For the past four years, many Americans have watched in disbelief as the Bush administration has led this nation into war with Iraq under false pretenses, scared the public with lame threats of terrorist attacks on U.S. soil, waved the flag of patriotism in times of political need (rather than national unity), and has changed the terms of engagement in Iraq. All of this has been done to suit the political needs of this president. This past weekend Bush was at it again — going on a surprise photo-op and propaganda blitz in Iraq to build support for continuing his failed policy.
The question Americans must ask themselves is plain: When are they going to demand an honest accounting and assessment of the war effort and consequent action that puts the needs of the nation ahead of domestic politics?
In a recent column in The New York Times, Paul Krugman poses a question that is less cynical and more sincere than it might at first appeal. “Future historians will, without doubt, see Katrina as a turning point,” he wrote. “The question is whether it will be seen as the moment when America remembered the importance of good government, or the moment when neglect and obliviousness to the needs of others became the new American way.”
In the past, such a cynical question could be answered positively with confidence. Today, unfortunately, the answer to that question is a matter of national soul-searching.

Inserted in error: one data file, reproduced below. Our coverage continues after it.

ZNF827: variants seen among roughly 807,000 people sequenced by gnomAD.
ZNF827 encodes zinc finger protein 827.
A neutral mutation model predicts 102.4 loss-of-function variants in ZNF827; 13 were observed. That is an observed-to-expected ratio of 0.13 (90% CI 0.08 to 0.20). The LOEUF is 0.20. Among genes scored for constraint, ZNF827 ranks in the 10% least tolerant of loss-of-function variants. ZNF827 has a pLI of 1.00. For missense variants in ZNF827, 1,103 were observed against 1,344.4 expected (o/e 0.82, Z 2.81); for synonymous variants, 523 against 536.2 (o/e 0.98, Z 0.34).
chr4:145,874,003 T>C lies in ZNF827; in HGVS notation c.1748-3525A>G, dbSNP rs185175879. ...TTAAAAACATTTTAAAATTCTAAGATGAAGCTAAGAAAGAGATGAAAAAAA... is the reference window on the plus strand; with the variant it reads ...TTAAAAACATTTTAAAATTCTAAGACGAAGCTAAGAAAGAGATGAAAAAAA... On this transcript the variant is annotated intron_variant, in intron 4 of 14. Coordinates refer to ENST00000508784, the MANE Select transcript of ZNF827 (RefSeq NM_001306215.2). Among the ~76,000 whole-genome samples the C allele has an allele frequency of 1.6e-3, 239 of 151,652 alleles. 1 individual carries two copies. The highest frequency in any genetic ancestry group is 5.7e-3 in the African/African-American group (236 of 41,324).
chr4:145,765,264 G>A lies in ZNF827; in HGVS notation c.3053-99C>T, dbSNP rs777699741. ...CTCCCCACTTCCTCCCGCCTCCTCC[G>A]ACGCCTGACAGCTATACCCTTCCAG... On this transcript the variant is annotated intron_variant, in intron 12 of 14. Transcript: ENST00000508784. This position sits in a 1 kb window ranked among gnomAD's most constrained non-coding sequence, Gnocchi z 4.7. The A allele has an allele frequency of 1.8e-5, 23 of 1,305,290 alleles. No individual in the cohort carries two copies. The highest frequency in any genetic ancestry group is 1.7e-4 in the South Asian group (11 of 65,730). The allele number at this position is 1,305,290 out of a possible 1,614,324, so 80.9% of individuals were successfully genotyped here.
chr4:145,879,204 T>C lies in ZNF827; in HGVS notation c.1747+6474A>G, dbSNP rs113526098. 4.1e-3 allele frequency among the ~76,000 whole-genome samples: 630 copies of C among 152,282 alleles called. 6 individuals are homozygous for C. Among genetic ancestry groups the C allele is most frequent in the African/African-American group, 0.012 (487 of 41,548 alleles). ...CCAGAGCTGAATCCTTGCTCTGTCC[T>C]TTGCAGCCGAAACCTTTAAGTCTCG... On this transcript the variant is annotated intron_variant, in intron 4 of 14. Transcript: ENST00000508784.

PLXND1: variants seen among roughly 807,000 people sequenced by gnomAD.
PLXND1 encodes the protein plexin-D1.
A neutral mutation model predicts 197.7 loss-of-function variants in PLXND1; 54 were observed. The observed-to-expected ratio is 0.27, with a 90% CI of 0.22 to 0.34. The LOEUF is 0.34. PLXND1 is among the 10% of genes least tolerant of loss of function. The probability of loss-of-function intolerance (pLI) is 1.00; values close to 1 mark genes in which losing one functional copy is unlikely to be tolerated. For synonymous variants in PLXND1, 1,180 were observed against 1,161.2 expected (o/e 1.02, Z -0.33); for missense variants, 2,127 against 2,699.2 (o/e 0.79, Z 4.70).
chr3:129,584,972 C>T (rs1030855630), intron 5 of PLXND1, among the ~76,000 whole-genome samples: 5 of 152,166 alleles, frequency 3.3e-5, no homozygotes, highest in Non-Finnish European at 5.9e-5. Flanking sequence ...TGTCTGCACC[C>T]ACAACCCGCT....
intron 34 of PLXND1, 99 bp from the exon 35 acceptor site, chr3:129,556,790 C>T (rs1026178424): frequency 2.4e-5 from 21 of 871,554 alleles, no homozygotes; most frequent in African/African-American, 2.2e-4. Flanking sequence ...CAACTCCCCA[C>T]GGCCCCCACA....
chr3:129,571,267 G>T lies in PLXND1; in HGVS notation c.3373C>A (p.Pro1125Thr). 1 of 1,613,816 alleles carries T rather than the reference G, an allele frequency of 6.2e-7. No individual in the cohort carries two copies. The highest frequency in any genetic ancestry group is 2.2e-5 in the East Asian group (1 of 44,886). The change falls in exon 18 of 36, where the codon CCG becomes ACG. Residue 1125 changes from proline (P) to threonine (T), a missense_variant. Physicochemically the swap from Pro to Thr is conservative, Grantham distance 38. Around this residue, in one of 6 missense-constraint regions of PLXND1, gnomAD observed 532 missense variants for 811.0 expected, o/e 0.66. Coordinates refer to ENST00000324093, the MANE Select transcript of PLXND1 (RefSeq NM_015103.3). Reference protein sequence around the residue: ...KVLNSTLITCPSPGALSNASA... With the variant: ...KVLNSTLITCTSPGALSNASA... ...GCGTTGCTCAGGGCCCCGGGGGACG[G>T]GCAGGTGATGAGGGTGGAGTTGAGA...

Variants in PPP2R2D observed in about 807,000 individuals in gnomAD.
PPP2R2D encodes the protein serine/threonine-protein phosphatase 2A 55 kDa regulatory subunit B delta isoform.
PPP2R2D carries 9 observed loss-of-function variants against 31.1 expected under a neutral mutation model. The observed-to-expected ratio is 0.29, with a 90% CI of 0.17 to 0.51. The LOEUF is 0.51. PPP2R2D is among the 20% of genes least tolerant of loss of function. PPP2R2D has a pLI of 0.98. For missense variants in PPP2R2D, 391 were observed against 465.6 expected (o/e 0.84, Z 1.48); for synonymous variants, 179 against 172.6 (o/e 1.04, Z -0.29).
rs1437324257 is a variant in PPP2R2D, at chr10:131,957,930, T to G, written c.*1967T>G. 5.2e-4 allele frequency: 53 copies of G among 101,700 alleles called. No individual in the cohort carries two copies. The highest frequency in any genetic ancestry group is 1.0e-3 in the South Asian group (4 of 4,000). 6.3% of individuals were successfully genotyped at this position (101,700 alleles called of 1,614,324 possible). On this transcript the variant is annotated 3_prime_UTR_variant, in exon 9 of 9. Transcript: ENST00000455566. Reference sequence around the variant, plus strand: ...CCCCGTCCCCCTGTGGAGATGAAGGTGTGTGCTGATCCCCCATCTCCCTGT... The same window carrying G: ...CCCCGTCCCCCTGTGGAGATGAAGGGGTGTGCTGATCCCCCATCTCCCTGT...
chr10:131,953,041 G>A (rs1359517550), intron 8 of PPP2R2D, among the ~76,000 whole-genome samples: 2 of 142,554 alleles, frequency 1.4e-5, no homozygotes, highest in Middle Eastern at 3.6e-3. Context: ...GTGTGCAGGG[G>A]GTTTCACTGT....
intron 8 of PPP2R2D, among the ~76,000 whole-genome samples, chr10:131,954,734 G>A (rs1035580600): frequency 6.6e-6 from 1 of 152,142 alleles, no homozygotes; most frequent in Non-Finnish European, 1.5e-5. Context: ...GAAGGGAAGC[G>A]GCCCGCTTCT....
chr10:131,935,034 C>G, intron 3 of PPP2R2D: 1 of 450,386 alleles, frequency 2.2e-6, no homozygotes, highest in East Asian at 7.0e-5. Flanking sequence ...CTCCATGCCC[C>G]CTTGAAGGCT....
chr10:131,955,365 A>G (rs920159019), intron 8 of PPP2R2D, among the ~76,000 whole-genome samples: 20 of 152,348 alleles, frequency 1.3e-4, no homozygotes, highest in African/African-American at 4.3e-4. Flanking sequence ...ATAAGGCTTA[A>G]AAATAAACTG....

Just what kind of a country are we? Under this administration, policies have routinely and continuously passed that hurt the poor and favor the wealthy; they have benefited industry at the expense of our environment; they’ve worked to break down the public school system; have eroded our national infrastructure; depleted the nation’s armed forces and discredited the nation’s foreign policy on the world stage.
BRISTOL ARTIST PAMELA Smith will be exhibiting several of her large-scale, papier-mâché creations at the American Visionary Art Museum in Baltimore as part of a year-long show.
Independent photo/Trent Campbell
August 10, 2007
By CYRUS LEVESQUE
BRISTOL — Papier-mâché sculptures of the Madonna, usually dressed in clothes native to Nepal, graced Bristol’s Main Street in the window of Folkheart for years until the store closed at the beginning of this year.
For many in town they were one set of unique Christmas decorations among many, but to their creator, Pamela Smith, they meant a lot more. To the 56-year-old Bristol resident the sculptures are a way to honor motherhood, which she feels is underappreciated in our culture.
“If you’re having a child, the most important job is to raise that child so that they’re healthy, mentally and spiritually,” Smith said. “We all come from a mother, and I think that we need to give them credence.”
August 10, 2007
By JOHN FLOWERS
MIDDLEBURY — The Gailer School will not move into the Congregational Church of Middlebury’s Charter House after all. Instead, school officials will reopen their search for a new campus somewhere else in Middlebury.
Gailer officials confirmed on Thursday they weren’t able to raise enough money in a short enough period of time to buy the Charter House and finance the renovations necessary to transform the North Pleasant Street building into a school.
That means the small private school will continue to use the Champlain Valley Unitarian Universalist Society (CVUUS) campus as a temporary home, while it rekindles its search for a permanent headquarters in Middlebury village.
It also leaves the Congregational Church in somewhat of a bind, at least temporarily. The church had cleared the Charter House of tenants in anticipation of the sale, which was announced in March, and had begun planning an addition at its Main Street worship hall to accommodate Sunday school and other functions that had been based at the Charter House.